NASA’s Orion spacecraft will return to earth in an hour after a 25-day trip around the moon.
The unmanned capsule, designed to carry astronauts, is due to land in the Pacific Ocean near Guadalupe Island at 5.39pm UK time.
The splashdown is the final hurdle in what has been a successful demo mission for Orion. The craft could take humans to the moon for its next mission – scheduled for 2024.
The spacecraft is hurtling towards Earth at 25,000 mph. Upon entering the atmosphere, it will slow to around 325 mph, before deploying 11 parachutes to slow to less than 20 mph.
The capsule lifted off from Earth on November 16 on NASA’s Space Launch System (SLS) rocket as part of the Artemis-1 mission, ushering in a new era of lunar exploration that could see humans return to the moon.
Nine days later, he made history by traveling 270,000 miles beyond Earth – the farthest of all spacecraft designed to transport humans.
It has now covered over 1.4 million miles.
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There may not be humans on this mission, but returning from the long-distance voyage, woolly astronauts Snoopy and Shaun the sheep, alongside three model astronauts – dubbed Commander Moonikin Campos, Helga and Zohar .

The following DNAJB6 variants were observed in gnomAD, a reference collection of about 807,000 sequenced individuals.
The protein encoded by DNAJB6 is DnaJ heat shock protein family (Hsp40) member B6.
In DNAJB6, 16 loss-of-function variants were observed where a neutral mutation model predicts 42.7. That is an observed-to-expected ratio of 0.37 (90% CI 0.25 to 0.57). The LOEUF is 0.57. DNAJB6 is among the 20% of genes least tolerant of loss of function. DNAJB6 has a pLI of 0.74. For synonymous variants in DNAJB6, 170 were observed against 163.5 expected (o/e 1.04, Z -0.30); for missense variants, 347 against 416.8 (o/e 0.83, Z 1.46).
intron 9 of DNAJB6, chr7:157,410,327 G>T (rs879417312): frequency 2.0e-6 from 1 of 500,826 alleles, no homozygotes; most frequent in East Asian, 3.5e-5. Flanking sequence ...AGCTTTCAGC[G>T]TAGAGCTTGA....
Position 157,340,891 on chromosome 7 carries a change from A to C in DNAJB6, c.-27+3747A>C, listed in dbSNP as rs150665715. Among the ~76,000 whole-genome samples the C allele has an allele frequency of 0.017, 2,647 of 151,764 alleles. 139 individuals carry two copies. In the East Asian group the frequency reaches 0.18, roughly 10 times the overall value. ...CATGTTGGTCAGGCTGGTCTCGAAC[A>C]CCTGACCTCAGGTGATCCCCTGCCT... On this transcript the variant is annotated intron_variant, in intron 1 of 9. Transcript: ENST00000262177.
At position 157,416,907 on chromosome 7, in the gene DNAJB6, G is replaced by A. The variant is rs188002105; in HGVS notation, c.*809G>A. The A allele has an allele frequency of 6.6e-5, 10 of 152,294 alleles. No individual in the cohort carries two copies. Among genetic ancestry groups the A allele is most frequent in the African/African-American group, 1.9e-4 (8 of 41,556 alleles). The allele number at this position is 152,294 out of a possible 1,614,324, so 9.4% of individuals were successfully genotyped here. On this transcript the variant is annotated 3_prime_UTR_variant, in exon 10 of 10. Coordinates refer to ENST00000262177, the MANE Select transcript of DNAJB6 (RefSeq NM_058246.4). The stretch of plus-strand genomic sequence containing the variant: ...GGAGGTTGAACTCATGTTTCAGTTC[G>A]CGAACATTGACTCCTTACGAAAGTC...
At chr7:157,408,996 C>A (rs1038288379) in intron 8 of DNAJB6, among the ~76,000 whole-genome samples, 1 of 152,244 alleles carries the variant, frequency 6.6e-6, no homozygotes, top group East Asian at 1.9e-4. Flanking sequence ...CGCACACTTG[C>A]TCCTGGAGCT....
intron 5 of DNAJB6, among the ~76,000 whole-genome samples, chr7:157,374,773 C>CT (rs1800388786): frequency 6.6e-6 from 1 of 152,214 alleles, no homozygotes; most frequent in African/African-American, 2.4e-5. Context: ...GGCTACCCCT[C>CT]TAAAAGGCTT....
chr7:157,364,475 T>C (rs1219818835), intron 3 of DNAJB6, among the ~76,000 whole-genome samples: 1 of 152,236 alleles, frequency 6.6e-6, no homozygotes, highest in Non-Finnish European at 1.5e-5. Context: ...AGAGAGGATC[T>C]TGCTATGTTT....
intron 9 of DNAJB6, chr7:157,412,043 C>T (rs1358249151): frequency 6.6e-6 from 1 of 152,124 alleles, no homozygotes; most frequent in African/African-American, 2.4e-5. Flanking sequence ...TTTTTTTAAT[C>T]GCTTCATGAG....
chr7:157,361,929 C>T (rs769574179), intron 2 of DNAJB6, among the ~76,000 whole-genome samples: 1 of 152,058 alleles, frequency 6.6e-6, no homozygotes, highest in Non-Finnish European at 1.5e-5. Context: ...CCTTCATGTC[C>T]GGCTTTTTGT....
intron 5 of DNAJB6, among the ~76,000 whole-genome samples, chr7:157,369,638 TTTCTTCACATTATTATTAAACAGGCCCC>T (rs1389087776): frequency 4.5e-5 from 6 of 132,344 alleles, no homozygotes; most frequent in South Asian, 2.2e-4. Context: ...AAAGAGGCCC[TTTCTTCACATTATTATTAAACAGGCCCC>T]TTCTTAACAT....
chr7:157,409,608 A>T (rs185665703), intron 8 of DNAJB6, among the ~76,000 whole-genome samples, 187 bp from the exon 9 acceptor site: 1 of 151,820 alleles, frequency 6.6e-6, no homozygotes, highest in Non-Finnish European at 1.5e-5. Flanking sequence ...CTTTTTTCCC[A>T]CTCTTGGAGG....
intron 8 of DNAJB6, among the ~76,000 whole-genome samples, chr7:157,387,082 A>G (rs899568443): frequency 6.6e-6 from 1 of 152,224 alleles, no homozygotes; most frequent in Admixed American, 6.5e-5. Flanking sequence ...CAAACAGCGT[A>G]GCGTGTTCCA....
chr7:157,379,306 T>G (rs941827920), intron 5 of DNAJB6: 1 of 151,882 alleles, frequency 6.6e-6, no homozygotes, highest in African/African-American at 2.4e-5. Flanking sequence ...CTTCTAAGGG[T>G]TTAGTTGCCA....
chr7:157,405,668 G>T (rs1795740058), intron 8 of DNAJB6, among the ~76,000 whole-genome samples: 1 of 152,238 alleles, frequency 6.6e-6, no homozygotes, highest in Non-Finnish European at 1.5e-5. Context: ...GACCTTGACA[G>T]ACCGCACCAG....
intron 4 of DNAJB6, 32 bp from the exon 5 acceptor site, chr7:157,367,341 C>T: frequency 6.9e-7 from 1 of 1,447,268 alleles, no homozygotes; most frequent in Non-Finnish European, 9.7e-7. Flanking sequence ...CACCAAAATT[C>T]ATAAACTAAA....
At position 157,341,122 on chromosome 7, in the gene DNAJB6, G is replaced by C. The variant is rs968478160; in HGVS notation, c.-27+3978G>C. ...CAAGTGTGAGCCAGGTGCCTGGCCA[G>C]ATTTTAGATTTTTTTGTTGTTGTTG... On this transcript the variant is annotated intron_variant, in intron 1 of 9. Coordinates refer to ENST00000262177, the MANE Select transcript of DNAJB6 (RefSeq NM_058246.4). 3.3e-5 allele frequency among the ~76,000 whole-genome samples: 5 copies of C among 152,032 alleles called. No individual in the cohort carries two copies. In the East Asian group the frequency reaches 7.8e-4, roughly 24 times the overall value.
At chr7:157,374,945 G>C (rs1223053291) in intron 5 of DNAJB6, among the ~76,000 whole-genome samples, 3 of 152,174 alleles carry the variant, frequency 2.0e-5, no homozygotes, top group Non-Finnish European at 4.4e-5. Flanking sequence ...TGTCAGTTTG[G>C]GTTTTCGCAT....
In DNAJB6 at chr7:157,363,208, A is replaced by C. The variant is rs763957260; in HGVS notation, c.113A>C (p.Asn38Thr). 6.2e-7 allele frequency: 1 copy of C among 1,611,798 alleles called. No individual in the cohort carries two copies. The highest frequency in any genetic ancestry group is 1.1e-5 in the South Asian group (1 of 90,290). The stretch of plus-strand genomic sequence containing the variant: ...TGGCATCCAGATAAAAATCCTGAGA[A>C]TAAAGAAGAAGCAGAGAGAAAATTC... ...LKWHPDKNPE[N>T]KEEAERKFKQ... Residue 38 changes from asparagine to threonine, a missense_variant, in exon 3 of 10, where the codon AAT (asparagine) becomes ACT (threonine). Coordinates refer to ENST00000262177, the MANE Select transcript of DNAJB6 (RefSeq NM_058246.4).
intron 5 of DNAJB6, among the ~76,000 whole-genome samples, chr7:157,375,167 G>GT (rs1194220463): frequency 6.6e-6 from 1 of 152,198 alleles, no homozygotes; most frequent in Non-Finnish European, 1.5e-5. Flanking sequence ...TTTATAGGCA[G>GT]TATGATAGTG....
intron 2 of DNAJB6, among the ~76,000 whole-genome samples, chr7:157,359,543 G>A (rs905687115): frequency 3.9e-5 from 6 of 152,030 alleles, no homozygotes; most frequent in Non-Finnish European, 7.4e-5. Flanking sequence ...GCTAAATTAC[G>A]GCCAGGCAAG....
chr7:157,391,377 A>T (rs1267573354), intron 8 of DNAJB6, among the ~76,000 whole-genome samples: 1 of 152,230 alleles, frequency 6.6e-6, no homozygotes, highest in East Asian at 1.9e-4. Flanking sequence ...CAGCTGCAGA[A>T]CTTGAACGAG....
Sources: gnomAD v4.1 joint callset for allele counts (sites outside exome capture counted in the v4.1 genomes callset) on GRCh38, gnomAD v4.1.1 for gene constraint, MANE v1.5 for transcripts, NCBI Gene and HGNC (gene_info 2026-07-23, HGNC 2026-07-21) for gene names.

Recovery teams will remove the capsule from the ocean.
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While the Artemis-1 mission was all about testing systems, the Artemis II flight test will be NASA’s first mission with astronauts to fly around the moon.
If successful, Artemis II will pave the way for the first woman and next man to land on the moon as part of Artemis III.
The last manned mission to the Moon was Apollo 17 in December 1972.
The Artemis missions are part of NASA’s long-term plans to build a space station – called the Lunar Gateway – where astronauts will be able to live and work.